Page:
California-based Revel Energy, a commercial solar and energy storage developer for the Southern and Central California markets, is looking to raise capital (a $5 million goal) via StartEngine crowdfunding.
Crowdfunding can be a win-win for all parties involved by providing needed capital for expansion while offering potential payoff or investment growth, all while helping businesses become more sustainable. Revel says the new crowdfunded capital opens up several opportunities primed by exceptionally high rising electricity costs, including expanding into other regions along the sun belt, self-funding special projects, and increasing its marketing efforts to educate customers.
“Offering equity to crowdfunding investors is a modern, innovative approach for our business to continue to grow while offering our friends, family, employees, customers and other investors the opportunity to join us along the way,” states Alan Lee, CEO of Revel Energy. “California and other southern states are poised for a boom in commercial solar. Positioning ourselves to capitalize on the potential demand is an exciting prospect for the future not only of our stakeholders but for the world as a whole. It is tough to deny that affordably lowering carbon emissions is a great thing.”
Revel Energy has had measurable success in the top solar market in the United States. In 2021 alone, the team commissioned almost 5 MW of rooftop, carport and ground mount solar. The systems help some of California’s most notable manufacturers, food processing, business parks and agricultural growers.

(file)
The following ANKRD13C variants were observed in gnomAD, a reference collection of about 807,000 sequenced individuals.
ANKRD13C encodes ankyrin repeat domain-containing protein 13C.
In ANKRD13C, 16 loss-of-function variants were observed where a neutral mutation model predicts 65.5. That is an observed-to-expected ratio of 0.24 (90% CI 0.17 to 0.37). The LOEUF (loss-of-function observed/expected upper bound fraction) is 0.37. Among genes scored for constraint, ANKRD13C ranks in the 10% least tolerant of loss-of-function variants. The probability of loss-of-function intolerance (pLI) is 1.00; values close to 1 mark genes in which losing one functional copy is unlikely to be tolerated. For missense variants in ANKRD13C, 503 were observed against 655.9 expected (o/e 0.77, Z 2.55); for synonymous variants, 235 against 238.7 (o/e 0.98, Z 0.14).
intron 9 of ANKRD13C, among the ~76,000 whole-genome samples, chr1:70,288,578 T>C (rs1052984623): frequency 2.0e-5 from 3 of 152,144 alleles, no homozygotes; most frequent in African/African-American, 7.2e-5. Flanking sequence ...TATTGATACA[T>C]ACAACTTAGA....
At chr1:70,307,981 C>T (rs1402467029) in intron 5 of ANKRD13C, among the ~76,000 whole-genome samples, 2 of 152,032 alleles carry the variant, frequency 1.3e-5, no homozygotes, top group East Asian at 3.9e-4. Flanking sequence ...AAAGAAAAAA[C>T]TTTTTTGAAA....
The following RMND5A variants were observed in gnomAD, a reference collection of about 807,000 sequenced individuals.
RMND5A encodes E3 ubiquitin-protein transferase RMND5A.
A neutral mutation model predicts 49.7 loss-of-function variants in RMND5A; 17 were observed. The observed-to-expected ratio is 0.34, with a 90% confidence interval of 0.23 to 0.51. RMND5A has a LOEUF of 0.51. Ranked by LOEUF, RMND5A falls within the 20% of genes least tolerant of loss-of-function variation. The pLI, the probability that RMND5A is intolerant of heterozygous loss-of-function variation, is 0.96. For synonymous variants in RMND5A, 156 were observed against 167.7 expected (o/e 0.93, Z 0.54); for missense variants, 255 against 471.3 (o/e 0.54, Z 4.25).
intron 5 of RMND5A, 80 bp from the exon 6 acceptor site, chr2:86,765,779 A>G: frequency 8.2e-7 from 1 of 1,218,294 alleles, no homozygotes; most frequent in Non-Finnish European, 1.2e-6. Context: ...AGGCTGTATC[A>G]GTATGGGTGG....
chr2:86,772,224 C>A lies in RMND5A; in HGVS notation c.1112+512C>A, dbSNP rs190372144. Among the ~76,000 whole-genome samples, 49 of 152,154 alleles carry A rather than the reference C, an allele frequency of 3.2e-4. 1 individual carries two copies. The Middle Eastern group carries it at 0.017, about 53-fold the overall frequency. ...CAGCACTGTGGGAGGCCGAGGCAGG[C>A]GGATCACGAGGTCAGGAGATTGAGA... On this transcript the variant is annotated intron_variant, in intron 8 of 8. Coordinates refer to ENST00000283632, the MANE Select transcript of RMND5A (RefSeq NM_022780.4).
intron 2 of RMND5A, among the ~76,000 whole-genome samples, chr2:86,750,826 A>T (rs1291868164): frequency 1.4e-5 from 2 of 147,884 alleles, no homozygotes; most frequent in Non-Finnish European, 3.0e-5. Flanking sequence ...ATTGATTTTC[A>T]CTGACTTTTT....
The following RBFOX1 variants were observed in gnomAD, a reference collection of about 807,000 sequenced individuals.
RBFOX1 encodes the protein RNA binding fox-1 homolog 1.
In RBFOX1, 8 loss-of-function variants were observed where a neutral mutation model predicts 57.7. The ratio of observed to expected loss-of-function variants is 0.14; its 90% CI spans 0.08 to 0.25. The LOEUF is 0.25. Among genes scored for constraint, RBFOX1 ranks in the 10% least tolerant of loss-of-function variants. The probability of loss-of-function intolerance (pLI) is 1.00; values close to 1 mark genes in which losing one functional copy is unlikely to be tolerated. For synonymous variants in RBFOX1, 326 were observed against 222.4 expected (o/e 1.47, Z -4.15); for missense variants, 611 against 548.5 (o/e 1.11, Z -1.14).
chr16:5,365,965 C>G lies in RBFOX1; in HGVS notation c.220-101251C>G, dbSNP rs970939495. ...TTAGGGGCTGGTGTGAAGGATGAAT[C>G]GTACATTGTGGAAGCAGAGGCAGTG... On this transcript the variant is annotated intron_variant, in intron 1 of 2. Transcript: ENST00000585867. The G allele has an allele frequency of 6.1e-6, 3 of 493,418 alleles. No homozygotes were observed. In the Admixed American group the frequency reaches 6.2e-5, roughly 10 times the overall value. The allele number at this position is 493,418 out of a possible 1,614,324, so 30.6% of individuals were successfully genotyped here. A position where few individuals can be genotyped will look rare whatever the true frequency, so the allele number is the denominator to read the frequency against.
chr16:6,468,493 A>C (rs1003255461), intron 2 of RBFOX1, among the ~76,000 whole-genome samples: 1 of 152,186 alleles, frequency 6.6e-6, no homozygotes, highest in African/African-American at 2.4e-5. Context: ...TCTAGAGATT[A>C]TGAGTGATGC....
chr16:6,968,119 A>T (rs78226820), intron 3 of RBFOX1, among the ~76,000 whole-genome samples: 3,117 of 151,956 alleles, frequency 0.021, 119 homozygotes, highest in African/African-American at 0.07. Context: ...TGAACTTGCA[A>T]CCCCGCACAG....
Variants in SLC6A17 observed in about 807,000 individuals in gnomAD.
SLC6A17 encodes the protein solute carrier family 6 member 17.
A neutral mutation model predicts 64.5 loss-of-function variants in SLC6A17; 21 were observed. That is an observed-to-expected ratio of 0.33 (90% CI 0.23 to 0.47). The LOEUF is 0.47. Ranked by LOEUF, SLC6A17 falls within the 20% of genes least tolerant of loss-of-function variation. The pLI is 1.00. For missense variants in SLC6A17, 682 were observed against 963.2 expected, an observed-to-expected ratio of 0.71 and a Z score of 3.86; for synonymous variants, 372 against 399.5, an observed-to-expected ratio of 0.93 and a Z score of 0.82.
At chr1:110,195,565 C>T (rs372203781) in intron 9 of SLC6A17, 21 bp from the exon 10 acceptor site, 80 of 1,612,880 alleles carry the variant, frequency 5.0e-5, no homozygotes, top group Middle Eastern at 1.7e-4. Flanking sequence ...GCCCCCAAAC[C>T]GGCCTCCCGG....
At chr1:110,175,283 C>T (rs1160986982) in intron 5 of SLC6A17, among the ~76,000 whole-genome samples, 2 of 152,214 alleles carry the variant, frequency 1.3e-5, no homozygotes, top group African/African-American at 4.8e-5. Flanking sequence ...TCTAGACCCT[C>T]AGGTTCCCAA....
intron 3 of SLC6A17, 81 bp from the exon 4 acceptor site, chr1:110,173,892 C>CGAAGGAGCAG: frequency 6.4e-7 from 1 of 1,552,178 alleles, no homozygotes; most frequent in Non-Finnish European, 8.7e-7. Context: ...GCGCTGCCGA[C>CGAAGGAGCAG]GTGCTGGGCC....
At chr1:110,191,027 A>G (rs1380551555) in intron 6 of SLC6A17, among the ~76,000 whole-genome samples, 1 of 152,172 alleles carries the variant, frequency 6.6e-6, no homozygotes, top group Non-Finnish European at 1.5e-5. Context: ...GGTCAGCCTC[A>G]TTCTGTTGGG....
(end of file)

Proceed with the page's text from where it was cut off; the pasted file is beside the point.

The Southern California commercial solar developer has seen 228% revenue growth from 2018 to 2021. Important to note, part of this growth was achieved during the peak of a global pandemic. With an adoption rate in the early stage for commercial and industrial businesses, the growth potential is substantial.
The rising importance of corporate environmental, social and governance (ESG) morals highlight the increasing need for financial investment to help establish these values.
For US businesses, carbon emissions standards have been seen as an expensive endeavor often passed on to consumers. In the case of commercial solar and energy storage, especially for sun rich states with high electricity rates, it makes sense not only environmentally but economically.